The initial promise of indicator development was to improve science, specifically through elucidation of its functioning. The neoliberal turn retained the goal of improving science, but through competition rather than through elucidation, maintains Barré. Ultimately, however, he argues that these intense competitive pressures—refracted through the lens of the specific indicators we use—have brought science to the point of multiple crises rather than leading to its improvement. We are staring down the barrels of a reproducibility crisis, a crisis of confidence in science (both internal and external), a crisis of relevance, and a number of other crises depending on whom you ask.

According to Barré, the scientometric community—developers and purveyors of R&I indicators—have been aware that their work enables the neoliberal turn and have been uncomfortably complicit in this virage through a lack of organized resistance to it. This complicity has lasted far too long, he says, and in my next post I’ll discuss the positive program that he outlines, under a heading of something like organized resistance. This is the third age of indicators to which Barré alludes.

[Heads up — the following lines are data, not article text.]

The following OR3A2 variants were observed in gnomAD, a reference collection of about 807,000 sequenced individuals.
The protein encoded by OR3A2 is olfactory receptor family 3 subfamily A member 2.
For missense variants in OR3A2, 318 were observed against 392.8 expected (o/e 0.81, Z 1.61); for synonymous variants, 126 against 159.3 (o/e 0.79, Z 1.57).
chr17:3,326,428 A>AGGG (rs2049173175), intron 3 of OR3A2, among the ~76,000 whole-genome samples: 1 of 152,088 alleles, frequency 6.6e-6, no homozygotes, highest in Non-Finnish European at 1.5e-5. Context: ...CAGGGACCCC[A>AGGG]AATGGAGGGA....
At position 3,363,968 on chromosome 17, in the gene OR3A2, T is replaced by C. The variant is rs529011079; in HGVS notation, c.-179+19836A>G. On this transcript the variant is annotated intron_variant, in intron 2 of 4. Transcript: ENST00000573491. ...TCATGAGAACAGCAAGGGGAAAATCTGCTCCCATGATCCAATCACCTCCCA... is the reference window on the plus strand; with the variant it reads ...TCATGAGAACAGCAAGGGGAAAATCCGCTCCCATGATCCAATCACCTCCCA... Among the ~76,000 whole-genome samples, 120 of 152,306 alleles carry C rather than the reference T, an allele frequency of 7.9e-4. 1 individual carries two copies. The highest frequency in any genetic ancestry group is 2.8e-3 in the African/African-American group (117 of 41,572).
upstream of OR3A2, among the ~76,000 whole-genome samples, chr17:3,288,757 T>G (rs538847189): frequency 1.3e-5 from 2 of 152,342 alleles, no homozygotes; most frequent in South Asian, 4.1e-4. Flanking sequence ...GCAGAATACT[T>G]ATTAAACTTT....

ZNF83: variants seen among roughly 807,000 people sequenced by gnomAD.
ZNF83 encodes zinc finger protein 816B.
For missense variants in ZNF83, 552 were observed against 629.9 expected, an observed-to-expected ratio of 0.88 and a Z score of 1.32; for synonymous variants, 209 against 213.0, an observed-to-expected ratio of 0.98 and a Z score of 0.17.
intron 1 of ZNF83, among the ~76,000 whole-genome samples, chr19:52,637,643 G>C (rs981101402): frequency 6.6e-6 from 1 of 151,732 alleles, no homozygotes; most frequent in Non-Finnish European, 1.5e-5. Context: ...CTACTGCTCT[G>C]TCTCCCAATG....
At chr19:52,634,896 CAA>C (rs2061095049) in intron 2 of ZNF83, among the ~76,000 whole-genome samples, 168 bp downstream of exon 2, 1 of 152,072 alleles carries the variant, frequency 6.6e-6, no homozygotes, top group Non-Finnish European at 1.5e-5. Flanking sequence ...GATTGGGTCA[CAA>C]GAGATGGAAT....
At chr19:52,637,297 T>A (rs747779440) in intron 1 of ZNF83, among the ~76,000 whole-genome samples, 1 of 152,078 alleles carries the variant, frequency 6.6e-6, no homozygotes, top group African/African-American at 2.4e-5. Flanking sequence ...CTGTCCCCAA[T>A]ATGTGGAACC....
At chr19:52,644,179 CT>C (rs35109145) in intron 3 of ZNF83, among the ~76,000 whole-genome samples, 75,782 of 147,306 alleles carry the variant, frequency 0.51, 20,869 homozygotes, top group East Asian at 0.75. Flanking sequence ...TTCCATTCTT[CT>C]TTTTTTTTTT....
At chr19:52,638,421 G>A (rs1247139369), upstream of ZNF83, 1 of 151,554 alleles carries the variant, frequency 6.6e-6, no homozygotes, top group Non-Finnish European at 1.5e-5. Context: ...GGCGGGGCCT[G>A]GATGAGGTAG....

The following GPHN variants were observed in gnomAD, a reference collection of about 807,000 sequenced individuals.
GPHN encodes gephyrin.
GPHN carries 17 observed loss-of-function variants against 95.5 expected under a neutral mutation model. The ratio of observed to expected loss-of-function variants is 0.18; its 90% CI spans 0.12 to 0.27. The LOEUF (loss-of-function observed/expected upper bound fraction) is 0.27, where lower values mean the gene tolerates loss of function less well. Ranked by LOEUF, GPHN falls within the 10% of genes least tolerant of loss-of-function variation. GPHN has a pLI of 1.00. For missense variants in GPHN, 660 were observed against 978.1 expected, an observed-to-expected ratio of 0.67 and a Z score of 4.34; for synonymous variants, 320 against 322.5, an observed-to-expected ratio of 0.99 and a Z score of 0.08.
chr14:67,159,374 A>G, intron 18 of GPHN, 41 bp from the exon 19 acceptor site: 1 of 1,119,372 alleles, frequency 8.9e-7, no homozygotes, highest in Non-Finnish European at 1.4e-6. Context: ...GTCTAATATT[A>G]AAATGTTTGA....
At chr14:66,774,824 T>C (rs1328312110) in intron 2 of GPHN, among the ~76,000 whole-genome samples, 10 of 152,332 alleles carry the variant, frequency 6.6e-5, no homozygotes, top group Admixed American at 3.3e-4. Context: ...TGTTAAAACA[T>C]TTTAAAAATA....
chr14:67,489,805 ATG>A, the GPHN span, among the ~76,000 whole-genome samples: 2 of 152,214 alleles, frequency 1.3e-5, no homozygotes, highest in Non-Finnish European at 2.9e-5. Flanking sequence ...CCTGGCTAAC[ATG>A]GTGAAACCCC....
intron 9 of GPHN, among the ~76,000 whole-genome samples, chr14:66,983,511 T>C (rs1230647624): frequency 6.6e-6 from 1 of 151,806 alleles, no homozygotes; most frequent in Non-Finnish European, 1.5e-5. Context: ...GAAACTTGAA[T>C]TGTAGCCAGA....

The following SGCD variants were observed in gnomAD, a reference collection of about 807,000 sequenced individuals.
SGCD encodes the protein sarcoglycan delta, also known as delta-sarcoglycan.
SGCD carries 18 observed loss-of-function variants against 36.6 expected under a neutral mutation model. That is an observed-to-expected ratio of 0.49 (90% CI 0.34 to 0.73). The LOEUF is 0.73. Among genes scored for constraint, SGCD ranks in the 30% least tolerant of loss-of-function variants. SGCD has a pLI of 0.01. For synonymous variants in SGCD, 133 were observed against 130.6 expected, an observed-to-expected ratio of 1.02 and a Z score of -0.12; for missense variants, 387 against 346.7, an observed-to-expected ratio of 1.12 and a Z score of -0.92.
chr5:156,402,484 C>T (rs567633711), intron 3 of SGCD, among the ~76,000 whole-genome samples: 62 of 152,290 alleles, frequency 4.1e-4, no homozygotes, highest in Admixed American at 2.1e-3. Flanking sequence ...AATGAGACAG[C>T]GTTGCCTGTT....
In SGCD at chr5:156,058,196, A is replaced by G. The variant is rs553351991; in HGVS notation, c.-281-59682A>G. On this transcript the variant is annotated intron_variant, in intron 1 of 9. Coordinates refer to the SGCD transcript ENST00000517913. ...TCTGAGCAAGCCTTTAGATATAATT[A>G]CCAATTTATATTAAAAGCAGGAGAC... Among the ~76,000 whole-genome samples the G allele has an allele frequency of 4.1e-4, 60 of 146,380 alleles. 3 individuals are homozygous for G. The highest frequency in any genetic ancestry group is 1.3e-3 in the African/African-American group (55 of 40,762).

Note: All views expressed are those of the individual author and are not necessarily those of Science-Metrix or 1science.


About the author

Brooke Struck

Brooke Struck works as a policy analyst at Science-Metrix in Montreal, where he puts his background in philosophy of science to good use in helping policy types and technical types to understand each other a little better every day. He also takes gleeful pleasure in unearthing our shared but buried assumptions, and generally gadfly-ing everyone in his proximity. He is interested in policy for science as well as science for policy (i.e., evidence-based decision-making), and is progressively integrating himself into the development of new bibliometric indicators at Science-Metrix to address emerging policy priorities. Before working at Science-Metrix, Brooke worked for the Canadian Federal Government. He holds a PhD in philosophy from the University of Guelph and a BA with honours in philosophy from McGill University.

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There are 2 comments

  • Brooke – a very lucid and useful essay. I read your later essay on the death of indicators first – led there by your SciSIP post today. In the death of indicators I wasn’t quite sure what you or Barre were referring to by neoliberalism since that is also a term that has been co-opted in many respects. This essay cleared that up nicely and framed the issues in a useful political and policy context.